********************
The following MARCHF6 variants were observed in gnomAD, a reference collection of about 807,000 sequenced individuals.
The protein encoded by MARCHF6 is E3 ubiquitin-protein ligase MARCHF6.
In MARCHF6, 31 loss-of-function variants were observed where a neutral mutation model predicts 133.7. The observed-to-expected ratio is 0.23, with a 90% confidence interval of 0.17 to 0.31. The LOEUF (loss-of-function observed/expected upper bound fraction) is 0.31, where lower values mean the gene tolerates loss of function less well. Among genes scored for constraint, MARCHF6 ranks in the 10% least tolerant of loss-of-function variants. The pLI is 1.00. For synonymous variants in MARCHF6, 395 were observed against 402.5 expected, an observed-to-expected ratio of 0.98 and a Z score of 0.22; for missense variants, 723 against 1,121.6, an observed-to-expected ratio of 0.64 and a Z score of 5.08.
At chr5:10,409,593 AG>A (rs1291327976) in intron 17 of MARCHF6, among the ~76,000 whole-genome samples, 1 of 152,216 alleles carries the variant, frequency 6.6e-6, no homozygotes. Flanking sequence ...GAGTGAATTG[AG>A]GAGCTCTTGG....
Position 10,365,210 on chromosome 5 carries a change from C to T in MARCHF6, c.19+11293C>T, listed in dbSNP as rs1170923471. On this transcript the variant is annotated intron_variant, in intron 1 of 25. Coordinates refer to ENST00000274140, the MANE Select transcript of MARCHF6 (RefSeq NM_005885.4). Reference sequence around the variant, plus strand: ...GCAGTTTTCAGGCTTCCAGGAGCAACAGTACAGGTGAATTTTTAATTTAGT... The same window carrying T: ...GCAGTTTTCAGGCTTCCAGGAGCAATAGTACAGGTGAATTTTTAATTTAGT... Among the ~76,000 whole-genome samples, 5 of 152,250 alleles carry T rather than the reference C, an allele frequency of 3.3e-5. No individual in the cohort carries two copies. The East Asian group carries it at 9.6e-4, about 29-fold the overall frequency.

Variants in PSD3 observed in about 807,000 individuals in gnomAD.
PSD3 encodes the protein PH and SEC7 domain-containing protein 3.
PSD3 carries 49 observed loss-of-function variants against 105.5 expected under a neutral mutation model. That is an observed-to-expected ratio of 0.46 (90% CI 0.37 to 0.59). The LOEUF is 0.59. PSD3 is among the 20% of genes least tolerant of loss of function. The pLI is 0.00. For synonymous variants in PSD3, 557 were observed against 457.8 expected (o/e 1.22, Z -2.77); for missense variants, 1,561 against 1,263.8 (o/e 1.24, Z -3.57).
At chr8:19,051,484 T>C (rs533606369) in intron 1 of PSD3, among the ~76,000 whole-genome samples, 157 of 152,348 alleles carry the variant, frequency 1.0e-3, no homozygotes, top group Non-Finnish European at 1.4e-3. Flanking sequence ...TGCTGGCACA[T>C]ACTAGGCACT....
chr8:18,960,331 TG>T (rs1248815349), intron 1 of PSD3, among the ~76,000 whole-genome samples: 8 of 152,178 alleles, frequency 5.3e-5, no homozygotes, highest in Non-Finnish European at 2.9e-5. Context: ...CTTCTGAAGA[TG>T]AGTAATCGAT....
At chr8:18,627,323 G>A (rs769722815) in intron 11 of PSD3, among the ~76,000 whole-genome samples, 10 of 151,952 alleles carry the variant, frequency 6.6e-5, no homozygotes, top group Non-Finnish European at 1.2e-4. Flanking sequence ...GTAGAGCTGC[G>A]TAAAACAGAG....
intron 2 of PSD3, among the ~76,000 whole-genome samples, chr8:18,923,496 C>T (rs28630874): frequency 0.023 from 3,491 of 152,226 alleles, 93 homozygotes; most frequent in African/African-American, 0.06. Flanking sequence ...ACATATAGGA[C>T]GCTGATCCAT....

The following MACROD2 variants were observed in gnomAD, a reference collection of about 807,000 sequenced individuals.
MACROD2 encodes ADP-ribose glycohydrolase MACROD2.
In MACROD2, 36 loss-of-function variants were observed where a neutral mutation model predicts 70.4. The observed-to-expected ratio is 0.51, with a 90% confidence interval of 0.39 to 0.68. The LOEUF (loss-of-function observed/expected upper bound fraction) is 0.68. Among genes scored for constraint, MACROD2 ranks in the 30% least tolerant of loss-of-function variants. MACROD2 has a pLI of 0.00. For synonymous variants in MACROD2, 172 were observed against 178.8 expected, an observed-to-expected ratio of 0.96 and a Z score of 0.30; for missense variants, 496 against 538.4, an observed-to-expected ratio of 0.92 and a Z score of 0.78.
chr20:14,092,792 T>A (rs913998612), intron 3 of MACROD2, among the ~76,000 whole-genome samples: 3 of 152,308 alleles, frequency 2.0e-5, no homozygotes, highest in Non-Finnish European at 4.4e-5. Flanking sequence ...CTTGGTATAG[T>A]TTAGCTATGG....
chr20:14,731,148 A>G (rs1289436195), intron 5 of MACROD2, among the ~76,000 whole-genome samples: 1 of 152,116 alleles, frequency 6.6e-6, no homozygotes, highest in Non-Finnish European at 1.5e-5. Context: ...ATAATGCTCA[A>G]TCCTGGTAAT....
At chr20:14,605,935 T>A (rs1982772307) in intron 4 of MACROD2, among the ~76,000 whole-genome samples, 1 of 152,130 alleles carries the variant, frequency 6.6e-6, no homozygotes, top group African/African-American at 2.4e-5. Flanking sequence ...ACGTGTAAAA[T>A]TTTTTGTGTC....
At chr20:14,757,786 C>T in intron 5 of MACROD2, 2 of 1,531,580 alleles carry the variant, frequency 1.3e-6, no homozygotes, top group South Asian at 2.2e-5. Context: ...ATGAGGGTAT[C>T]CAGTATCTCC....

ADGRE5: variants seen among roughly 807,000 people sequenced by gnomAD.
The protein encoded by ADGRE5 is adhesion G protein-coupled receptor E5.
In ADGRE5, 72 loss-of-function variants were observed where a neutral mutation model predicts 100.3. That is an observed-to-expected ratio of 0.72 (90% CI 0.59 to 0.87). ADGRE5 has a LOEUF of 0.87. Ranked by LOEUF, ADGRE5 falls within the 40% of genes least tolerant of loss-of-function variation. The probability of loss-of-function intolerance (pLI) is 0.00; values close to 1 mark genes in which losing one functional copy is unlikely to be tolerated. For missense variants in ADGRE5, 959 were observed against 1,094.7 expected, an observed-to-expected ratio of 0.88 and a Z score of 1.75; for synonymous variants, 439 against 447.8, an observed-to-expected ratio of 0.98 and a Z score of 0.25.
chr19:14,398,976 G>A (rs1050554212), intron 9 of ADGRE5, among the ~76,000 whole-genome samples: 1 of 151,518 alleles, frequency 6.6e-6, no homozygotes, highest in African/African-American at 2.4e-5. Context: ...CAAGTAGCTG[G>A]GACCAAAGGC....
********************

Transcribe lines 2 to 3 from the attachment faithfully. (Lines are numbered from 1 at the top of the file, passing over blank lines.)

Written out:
The protein encoded by MARCHF6 is E3 ubiquitin-protein ligase MARCHF6.
In MARCHF6, 31 loss-of-function variants were observed where a neutral mutation model predicts 133.7. The observed-to-expected ratio is 0.23, with a 90% confidence interval of 0.17 to 0.31. The LOEUF (loss-of-function observed/expected upper bound fraction) is 0.31, where lower values mean the gene tolerates loss of function less well. Among genes scored for constraint, MARCHF6 ranks in the 10% least tolerant of loss-of-function variants. The pLI is 1.00. For synonymous variants in MARCHF6, 395 were observed against 402.5 expected, an observed-to-expected ratio of 0.98 and a Z score of 0.22; for missense variants, 723 against 1,121.6, an observed-to-expected ratio of 0.64 and a Z score of 5.08.